It's a tale of two subways, so built up in the transit mythology of their respective cities. Both have been in the works for almost a century, and have endured changes in plans, false starts, and "future-proofing" of other transit infrastructure that was fortunate enough to be carried to completion.

On January 1, 2017, phase one of New York's Second Avenue Subway opened to the public, ending a century of "almost, but not quite" for the residents of the Upper East Side of Manhattan. "The Line That Time Forgot" will provide an alternative route for an estimated 200,000 people each weekday, many of whom count themselves among the 1.3 million riders who currently pack onto the Lexington Ave Subway's 4,5,6 trains on a daily basis, making it the most heavily used rapid transit line in the United States.

The parallels between the Lexington Subway and the Yonge Subway are not hard to draw. However, the opening date for Toronto's equivalent, the Relief Line (formerly the Downtown Relief Line, formerly the Queen Street Streetcar Subway) is still TBD, tentatively projected sometime between 2028 and 2031.

The $4.4 billion (USD) project will complete the first 2 miles (3.2 km) of what will become an 8.5 mile (13.7 km) subway running nearly the entire length of the east side of the island of Manhattan, most of it under Second Avenue. The phase just opened includes 3 new stations and an expansion to an existing station.

New York City's updated subway map, showing the Q Line using the Second Avenue Subway

The project was initially proposed in 1919 as a replacement for the Second Avenue Elevated line, but the Great Depression put the first of many halts to that project. The Elevated was removed in 1942, but no subway line replaced it. The project was revived again in the 1960s, and a construction began in 1972 at Second Ave and 103rd St, in 1973 it began in Chinatown, and in 1974 in the East Village, the latter two both being on the Lower East Side. But with the City facing near-bankruptcy in the mid to late 1970s, construction on the line was slowed substantially, and was eventually halted in 1978.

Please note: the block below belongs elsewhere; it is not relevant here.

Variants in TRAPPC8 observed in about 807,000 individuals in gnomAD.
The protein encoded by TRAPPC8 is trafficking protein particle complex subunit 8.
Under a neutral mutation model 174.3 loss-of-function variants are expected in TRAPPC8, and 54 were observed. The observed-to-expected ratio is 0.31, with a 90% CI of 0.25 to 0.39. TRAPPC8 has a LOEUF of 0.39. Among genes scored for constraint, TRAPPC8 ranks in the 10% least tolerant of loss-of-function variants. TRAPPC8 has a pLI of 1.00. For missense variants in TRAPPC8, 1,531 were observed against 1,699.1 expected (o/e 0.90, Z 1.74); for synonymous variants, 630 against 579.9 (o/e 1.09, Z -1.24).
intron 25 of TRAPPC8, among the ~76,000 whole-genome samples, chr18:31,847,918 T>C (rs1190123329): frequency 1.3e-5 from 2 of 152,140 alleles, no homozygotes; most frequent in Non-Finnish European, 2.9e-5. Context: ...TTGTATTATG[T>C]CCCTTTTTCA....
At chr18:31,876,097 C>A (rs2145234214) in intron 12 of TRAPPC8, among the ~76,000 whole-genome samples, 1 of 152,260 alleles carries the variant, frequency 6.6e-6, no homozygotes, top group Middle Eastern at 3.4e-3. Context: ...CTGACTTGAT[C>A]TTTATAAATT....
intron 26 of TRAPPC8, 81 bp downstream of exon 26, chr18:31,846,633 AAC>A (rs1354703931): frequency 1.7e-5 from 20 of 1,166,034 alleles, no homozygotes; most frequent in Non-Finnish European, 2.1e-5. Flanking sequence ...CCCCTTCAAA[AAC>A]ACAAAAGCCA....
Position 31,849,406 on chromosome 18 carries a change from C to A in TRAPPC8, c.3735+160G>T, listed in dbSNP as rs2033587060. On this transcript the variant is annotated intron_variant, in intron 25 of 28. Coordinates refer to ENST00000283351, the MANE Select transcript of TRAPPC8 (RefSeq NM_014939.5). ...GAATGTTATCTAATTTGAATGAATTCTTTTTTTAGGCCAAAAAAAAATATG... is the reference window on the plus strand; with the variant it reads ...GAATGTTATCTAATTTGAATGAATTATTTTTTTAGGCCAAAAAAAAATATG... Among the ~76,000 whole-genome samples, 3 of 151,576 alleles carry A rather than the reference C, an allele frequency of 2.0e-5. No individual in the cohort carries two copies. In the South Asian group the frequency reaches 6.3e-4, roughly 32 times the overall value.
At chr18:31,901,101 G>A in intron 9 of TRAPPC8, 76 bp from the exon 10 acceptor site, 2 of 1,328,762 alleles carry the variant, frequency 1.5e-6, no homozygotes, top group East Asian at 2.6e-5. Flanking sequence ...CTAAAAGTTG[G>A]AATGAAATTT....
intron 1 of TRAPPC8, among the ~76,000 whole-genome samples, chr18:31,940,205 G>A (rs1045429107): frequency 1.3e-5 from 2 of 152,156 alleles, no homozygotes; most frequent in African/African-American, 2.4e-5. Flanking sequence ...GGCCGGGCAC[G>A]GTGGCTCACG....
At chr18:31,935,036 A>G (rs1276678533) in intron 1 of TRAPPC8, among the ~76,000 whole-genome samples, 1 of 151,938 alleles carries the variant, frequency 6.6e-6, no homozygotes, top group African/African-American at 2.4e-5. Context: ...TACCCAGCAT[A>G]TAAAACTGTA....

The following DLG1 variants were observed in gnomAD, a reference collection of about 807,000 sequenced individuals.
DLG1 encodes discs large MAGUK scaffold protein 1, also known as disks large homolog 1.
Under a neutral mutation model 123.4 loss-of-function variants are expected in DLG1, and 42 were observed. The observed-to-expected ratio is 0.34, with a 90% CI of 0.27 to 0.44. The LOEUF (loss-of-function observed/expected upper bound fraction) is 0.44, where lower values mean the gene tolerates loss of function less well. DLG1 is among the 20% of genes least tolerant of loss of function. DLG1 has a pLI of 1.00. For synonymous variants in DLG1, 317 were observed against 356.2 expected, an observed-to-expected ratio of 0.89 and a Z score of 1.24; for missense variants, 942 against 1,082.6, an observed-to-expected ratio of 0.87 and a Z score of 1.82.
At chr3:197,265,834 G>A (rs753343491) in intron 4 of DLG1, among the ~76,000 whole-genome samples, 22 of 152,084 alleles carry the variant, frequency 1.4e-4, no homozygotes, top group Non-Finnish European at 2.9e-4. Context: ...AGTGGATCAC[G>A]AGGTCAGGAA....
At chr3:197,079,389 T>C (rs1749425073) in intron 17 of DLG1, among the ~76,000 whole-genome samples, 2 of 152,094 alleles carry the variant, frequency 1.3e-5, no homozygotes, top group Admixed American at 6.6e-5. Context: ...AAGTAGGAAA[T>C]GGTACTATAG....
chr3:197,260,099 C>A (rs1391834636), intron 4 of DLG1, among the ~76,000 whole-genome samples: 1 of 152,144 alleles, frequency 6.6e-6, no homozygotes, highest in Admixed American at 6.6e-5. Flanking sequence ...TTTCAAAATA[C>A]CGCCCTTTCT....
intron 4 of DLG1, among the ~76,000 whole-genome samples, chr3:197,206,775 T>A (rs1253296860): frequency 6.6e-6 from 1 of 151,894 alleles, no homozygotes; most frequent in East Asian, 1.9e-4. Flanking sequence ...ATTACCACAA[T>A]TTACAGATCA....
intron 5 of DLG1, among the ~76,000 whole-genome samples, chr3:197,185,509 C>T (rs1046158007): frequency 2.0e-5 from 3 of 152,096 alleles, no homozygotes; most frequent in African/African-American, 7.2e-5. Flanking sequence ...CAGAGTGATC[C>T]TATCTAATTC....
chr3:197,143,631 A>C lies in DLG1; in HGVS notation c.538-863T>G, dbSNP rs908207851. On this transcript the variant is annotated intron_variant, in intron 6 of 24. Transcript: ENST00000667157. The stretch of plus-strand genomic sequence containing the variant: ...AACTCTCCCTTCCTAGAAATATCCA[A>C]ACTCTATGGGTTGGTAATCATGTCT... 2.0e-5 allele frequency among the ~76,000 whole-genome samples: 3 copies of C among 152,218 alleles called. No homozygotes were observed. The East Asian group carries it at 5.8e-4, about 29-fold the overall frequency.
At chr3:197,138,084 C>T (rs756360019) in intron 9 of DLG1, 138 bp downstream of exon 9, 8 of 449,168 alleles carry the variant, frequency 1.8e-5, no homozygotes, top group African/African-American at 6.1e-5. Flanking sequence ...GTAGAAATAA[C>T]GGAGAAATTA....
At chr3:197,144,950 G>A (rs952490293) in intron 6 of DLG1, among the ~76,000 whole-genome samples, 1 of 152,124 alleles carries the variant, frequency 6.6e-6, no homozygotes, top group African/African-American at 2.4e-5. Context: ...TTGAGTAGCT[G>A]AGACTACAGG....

It would not be until 2003 when preliminary funding for the subway was once again approved, with full funding for Phase 1 not coming until 2007. The four phase, full build-out would make use of all the segments built in the 1970s, although only the section built on the Upper East Side would be used by Phase 1.

Toronto's "Line That Time Forgot" has had a similar roller coaster history. Initially proposed in 1910 as a streetcar subway, the line remained on the shelf until the 1944 plan that was to see the Yonge Subway and Queen Streetcar Subway built in sequence. Ultimately, only the Yonge Subway was built.

The Queen Subway was then revived in a different form, as part of an east-west subway that would utilize Bloor Street and Danforth Avenue on the outer ends, but Queen St through the core. Ultimately, a straight shot across those two streets was chosen, and the Bloor-Danforth Subway we know today was built instead.

A variation of the line appeared again in 1982, this time as a U-shaped line between Dundas West and Donlands stations via Union Station. This alignment was ultimately adopted as part of 1985's Network 2011 plan, from which the only substantial piece of infrastructure to actually be built was half of the Sheppard Subway.

Relief Line Recommended Route and Stations, image courtesy of the City of Toronto

The current incarnation initially appeared in Metrolinx's 2008 The Big Move, albeit under the 25-year planning horizon. In 2012, the project was bumped up and became one of the projects listed in the Next Wave of Metrolinx projects. In June 2016 the project was awarded $150 million for planning and design, marking the first significant investment in the project since the streetcar platform at Lower Queen was built over a half century before. Planning and design work is on-going, but the line won't be open to passengers until at least 2028.

On New Years Day, New Yorkers finally got to ride their subway line that was a century in the making. If the current timeline holds, Torontonians will need to wait almost another generation to ride theirs.